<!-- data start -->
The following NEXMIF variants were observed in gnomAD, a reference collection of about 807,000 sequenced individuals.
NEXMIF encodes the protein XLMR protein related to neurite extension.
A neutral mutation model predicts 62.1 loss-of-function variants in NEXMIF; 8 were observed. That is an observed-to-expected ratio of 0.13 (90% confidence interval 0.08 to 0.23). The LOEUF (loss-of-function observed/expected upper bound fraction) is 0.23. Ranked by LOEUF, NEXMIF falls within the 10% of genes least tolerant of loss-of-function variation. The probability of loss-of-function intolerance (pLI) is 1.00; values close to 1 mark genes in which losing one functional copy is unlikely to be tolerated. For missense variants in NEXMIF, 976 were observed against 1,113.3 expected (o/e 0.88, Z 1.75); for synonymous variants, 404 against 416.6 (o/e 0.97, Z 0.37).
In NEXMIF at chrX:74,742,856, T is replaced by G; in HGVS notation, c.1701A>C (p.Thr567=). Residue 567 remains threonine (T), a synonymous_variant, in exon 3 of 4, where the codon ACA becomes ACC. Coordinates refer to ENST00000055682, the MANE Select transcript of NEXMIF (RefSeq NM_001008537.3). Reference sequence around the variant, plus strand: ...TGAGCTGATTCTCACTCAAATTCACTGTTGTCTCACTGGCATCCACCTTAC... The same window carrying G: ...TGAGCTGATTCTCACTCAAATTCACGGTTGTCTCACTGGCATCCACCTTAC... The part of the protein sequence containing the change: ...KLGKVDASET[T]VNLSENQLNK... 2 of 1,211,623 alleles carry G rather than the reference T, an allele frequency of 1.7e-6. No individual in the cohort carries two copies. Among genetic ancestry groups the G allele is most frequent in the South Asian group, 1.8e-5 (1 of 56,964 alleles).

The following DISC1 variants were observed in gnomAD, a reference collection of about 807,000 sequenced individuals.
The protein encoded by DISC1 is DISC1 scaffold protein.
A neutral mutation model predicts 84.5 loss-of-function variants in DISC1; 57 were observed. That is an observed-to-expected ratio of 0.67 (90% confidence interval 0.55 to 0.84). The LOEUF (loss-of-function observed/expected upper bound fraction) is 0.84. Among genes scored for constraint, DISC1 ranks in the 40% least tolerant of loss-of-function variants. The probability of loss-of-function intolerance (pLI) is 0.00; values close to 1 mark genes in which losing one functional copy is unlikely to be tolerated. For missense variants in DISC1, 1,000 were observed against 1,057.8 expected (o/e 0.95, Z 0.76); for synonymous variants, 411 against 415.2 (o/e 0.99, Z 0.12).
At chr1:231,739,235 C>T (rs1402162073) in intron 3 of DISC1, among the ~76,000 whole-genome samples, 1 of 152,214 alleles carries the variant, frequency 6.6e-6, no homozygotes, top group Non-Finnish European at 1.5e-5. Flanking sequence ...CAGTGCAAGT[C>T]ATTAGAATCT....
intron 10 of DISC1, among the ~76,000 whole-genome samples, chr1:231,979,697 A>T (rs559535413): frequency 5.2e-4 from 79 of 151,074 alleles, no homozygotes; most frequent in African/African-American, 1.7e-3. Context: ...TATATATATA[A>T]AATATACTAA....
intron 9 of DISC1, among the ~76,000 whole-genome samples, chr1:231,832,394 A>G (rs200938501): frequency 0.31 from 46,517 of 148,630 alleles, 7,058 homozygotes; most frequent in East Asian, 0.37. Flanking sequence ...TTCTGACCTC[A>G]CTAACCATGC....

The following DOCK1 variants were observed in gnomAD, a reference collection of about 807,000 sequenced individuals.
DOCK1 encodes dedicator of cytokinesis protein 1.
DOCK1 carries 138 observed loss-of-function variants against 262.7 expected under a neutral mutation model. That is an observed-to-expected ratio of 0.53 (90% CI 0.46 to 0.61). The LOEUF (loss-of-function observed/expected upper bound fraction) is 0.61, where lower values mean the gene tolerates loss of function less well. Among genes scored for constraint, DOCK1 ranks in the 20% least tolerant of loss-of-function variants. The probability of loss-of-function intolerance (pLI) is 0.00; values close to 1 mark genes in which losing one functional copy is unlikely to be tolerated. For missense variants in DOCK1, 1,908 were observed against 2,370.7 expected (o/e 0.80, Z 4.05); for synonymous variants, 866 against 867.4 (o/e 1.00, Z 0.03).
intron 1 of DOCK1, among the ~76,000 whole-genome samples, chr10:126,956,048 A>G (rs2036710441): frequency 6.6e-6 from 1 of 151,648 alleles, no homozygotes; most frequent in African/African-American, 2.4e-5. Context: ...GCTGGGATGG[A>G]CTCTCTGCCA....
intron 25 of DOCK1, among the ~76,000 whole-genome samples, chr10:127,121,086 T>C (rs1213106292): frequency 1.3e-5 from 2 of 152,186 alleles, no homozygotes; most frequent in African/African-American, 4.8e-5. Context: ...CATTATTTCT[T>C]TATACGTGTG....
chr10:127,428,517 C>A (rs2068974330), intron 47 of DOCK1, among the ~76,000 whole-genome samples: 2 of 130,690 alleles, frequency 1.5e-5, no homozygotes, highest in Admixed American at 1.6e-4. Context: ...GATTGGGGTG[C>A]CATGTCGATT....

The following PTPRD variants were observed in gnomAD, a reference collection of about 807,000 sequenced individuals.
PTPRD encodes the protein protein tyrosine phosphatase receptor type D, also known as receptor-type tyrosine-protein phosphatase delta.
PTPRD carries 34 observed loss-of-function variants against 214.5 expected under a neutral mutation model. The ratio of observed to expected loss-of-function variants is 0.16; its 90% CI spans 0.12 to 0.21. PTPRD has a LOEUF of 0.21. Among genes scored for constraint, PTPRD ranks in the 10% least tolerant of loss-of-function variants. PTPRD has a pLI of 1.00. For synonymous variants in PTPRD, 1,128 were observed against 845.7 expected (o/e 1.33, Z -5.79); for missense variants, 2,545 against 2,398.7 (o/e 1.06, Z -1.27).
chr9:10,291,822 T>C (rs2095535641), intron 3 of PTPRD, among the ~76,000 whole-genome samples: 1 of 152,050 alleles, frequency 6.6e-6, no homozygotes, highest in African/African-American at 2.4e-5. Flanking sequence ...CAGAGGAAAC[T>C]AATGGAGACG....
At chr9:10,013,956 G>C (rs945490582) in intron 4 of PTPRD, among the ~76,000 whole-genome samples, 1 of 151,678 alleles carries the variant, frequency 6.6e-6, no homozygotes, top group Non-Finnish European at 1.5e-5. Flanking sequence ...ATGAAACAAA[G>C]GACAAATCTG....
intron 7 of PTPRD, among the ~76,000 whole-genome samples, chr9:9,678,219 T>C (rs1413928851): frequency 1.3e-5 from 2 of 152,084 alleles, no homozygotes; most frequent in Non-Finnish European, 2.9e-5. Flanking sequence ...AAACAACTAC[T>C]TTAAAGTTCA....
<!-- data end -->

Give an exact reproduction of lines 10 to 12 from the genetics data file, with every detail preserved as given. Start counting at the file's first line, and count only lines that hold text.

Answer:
intron 9 of DISC1, among the ~76,000 whole-genome samples, chr1:231,832,394 A>G (rs200938501): frequency 0.31 from 46,517 of 148,630 alleles, 7,058 homozygotes; most frequent in East Asian, 0.37. Flanking sequence ...TTCTGACCTC[A>G]CTAACCATGC....

The following DOCK1 variants were observed in gnomAD, a reference collection of about 807,000 sequenced individuals.
DOCK1 encodes dedicator of cytokinesis protein 1.